When I heard the story of Tremblant's $7 soups and $18 sandwiches, it left me wondering about their timing to my kitchen so close to Noon. They feasted on their yellow split pea but I also rustled up frikadellers, open face sandwiches and a panini, doing whatever food artistry the ingredients on hand would allow. Bridgehead's Mayan Fusion was noted as being strong. I was pleased. That's how they like it. The last stash of the almond sweet Zangebak's were moved from the freezer. Another creation at risk of being fossilized in the past. My brothers barely remember them.

And as quickly as they came, they were gone again. Full, fueled and homeward bound.

The cost of the ingredients for a bowl of soup was about 50 cents. The value of the surprise visit? Priceless.

Yellow Split Pea Soup
Inspired by recipe in Gourmet October 2001

1 pound split yellow peas, picked over and thoroughly rinsed
8 cups water
1/2 pound 'Bacon Ends' from Lavergne's
1/4 pound ham ('Cold Cut Ends' from Lavergne's)
3 cooking onions, finely chopped
2 tablespoons unsalted butter
1 medium leek (white and pale green parts only), rinsed thoroughly and chopped finely
2 cooking onions, finely chopped
1 carrot, finely diced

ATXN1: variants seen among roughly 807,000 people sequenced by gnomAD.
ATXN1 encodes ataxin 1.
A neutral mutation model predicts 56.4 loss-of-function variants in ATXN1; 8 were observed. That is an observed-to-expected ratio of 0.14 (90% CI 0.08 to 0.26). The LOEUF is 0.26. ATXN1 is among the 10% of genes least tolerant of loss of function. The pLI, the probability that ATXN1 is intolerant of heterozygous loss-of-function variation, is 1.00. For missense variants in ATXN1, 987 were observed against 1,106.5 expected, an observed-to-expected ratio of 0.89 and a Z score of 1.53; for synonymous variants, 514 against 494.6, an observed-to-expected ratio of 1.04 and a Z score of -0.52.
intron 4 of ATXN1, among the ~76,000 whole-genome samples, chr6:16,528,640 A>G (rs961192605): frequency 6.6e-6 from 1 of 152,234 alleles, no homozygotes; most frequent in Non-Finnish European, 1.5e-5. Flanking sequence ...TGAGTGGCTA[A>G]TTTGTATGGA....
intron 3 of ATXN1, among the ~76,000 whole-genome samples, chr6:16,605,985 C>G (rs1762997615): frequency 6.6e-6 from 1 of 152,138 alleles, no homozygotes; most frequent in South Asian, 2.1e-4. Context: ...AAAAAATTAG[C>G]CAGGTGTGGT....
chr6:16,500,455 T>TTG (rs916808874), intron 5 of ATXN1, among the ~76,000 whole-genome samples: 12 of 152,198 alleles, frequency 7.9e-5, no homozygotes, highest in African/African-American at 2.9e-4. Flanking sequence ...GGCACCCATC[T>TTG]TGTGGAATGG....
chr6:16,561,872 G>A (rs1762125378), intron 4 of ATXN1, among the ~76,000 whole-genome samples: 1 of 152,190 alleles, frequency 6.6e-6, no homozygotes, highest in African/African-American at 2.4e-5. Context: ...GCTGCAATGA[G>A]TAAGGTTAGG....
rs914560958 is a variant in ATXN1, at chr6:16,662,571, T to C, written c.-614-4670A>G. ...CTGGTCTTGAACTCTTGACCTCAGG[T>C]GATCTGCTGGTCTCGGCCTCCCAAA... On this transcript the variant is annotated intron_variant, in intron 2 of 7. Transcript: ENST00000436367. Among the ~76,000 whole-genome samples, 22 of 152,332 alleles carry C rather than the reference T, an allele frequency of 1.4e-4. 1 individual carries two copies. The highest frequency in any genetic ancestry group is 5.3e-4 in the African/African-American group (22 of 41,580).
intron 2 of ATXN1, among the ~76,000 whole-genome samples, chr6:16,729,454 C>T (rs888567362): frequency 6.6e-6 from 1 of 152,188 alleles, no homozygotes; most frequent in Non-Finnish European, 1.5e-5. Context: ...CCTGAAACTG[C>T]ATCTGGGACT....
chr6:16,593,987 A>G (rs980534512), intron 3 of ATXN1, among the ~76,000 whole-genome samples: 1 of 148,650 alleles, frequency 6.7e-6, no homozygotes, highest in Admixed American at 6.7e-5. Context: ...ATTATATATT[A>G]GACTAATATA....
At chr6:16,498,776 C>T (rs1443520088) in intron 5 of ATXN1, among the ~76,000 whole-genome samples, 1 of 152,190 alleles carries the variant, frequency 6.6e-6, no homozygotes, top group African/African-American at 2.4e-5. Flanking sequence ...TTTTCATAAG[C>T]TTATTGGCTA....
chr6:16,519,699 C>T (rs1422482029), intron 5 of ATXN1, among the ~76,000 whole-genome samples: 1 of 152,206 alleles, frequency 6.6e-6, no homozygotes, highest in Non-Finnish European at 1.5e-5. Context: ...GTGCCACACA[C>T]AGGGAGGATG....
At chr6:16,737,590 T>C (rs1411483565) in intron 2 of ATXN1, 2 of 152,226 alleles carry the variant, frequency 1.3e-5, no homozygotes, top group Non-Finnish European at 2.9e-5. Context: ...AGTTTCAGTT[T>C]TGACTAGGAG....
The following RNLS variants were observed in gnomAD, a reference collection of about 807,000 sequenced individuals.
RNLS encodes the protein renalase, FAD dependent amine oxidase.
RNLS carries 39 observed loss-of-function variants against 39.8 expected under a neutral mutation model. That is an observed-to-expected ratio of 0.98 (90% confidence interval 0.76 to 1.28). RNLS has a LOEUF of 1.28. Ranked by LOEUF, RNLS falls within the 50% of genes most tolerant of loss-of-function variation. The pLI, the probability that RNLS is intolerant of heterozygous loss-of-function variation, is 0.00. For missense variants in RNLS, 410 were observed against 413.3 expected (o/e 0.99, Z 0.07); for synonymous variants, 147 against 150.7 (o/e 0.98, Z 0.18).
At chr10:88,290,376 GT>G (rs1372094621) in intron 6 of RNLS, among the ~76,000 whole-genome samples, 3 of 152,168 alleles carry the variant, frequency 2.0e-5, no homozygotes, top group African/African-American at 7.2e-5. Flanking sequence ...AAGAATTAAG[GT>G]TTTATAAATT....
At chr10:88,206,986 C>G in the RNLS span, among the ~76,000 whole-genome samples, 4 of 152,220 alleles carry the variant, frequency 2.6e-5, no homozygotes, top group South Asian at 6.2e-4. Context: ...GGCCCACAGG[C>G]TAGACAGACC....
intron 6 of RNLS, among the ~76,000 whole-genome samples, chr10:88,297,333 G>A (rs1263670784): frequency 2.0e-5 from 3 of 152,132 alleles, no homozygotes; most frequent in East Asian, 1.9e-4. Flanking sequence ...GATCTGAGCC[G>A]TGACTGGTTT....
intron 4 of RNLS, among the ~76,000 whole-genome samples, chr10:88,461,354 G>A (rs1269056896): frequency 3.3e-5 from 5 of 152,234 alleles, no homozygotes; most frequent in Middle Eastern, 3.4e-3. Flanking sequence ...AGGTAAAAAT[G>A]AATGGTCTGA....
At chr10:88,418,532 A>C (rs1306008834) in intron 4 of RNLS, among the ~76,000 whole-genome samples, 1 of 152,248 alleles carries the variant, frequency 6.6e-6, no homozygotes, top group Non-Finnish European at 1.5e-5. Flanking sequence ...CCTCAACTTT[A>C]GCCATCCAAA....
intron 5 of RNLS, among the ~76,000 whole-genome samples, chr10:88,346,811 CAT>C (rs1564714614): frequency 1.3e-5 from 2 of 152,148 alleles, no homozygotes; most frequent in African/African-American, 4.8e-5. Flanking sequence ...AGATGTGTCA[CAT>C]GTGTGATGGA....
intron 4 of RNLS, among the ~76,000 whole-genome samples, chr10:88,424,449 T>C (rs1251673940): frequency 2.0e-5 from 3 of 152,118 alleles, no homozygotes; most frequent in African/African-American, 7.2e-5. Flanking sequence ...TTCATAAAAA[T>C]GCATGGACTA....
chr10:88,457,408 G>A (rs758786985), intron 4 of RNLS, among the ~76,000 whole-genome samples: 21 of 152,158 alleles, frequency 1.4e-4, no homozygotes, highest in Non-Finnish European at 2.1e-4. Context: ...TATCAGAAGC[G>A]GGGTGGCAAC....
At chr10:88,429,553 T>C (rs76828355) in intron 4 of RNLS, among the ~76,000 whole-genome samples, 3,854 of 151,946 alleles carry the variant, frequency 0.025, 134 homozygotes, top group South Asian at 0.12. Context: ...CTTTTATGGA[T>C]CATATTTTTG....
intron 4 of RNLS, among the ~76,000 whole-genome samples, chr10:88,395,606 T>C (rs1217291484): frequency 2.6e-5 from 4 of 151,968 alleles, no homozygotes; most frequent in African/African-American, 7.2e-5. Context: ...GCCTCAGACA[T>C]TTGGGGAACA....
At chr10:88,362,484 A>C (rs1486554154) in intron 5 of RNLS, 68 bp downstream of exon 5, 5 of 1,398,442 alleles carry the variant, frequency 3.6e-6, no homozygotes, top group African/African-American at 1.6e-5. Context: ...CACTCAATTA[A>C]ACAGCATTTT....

1/2 celery stalk, finely diced
3/4 teaspoon dried savory
1/4 teaspoon dried thyme
1 3/4 teaspoons salt
1/2 teaspoon black pepper
Chopped fresh chives

Pick through peas. Rinse thoroughly.

In a dutch oven combine peas, water, bacon ends and 3 of the onions, finely chopped. Bring to a boil. Then skim off the froth. Reduce the heat and simmer for 1 to 1 1/2 hours. The peas should then be tender. Remove the 'Bacon Ends'. Remove the meat for the fat. Shred the meat and chop larger pieces. Return to the pot. Add ham chunks.

Melt butter in a large skillet or saucepan. Cook leek and remaining 2 onions over moderate heat, stirring, until softened, about 10 minutes. Add leek/onion mixture to soup. Add carrots and celery. Add savory, thyme, salt, and pepper. Simmer for 1 to 1 1/2 hours. Part of the time have the pot partially covered to thicken the soup. Remove the chunks of ham. Dice and return to pot.